Military and Governmental Immunity: Members of the military and government officials often have a degree of immunity from prosecution for actions taken in the course of their official duties. While this does not absolve individuals of all responsibility for wrongful acts, it does complicate efforts to hold them criminally accountable in court.

Challenges in Prosecuting Environmental Cases: Environmental contamination cases, particularly those involving long-term exposure and impacts, are notoriously difficult to prosecute criminally. Establishing clear causal links between decision-makers’ actions and the harm caused by contamination requires extensive evidence and often faces significant legal hurdles.

Public and Political Will: The appetite for pursuing criminal charges in cases like this can be influenced by public and political will, which can vary widely. In many cases, the focus has been on remediation, regulation improvement, and victim compensation rather than criminal prosecution.

Camp Lejeune Cancer and Serious Illness Lawsuits

All Camp Lejeune lawsuits have to be filed in the U.S. District Court for the Eastern District of North Carolina, where four separate judges are working together to coordinate and manage the proceedings, including Judges Richard Myers, Terrence Boyle, Louise Flanagan, and James Dever.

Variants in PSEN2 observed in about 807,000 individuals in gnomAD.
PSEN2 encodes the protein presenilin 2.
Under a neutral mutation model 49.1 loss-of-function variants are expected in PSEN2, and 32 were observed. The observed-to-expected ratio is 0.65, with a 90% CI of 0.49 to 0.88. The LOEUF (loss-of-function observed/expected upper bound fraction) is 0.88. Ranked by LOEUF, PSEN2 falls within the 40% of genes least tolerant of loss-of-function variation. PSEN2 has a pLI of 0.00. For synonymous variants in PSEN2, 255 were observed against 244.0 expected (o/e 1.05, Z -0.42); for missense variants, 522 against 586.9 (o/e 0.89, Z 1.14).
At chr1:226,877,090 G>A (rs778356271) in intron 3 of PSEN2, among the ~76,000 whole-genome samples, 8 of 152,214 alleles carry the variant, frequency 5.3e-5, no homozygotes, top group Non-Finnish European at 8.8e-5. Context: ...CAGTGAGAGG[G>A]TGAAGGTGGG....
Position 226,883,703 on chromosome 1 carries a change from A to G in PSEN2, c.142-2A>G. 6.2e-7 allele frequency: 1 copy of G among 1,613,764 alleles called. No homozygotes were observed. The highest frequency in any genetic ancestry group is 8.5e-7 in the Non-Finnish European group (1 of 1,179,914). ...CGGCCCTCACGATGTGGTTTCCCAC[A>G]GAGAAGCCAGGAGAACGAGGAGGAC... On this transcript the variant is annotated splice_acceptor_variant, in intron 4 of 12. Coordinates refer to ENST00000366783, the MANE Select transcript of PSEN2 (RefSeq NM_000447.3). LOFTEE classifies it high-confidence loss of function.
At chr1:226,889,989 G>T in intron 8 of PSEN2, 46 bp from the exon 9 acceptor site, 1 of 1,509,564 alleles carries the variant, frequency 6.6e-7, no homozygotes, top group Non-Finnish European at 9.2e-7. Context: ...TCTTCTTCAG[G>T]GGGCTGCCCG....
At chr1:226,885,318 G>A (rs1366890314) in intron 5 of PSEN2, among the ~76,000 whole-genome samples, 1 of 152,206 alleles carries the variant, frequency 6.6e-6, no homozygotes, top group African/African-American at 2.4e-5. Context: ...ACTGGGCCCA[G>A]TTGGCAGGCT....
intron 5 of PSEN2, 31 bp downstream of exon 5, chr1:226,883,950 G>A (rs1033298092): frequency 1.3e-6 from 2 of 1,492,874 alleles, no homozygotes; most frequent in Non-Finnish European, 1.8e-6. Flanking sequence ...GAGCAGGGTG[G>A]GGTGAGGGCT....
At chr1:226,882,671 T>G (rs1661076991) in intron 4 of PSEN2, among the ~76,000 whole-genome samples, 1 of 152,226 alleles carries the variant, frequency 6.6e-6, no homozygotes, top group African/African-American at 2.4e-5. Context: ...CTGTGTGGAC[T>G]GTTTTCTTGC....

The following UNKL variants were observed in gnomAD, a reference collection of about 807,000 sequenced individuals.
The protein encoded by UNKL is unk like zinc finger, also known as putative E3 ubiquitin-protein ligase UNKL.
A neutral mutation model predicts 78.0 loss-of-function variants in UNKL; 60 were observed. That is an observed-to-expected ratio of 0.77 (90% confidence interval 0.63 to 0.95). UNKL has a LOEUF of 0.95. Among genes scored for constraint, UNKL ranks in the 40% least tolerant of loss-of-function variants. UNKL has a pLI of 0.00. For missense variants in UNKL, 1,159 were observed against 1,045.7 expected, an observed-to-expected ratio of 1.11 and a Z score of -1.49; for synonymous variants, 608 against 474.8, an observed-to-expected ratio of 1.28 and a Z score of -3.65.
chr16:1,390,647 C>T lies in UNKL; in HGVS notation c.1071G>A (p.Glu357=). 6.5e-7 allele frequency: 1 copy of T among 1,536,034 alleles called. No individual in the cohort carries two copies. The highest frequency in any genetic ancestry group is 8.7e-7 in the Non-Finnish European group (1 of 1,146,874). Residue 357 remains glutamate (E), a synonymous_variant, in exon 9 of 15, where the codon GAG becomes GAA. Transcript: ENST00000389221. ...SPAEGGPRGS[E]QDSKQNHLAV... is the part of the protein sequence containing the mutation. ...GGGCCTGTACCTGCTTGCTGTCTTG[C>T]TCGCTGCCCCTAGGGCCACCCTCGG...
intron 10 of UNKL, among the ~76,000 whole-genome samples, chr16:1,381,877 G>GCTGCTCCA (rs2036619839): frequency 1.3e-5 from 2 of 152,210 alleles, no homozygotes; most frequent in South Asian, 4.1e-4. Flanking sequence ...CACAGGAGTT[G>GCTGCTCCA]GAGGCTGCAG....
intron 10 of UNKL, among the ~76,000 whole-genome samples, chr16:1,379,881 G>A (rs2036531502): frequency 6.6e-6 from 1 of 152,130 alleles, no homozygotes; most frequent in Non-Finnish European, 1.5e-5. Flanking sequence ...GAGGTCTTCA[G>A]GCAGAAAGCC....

There are two groups of trials scheduled as bellwether trials, the first group of cases involves bladder cancer, kidney cancer, leukemia, Parkinson’s disease, and non-Hodgkin’s lymphoma. A second group involves claims of prostate cancer, lung cancer, liver cancer, breast cancer, and kidney disease.

About 150,000 injured people have filed claims under the Camp Lejeune Justice Act (CLJA) of 2022, allowing a two-year window for lawsuits to be brought by anyone injured by contaminated water at the base between the mid-1950s and late-1980s.

Dr. Shezad Malik Law Firm Investigating Camp Lejeune Cancer and Death Cases Nationwide

Did you or a loved one experience injuries after service at Camp Lejeune? Dr. Shezad Malik law firm based in Dallas, Texas is now reviewing injuries and wrongful death claims from Camp Lejeune nationwide. Please call 214-390-3189 or email us for further information.

Read More Here

The History of Camp Lejeune Water Contamination

How to File a Camp LeJeune Lawsuit in Texas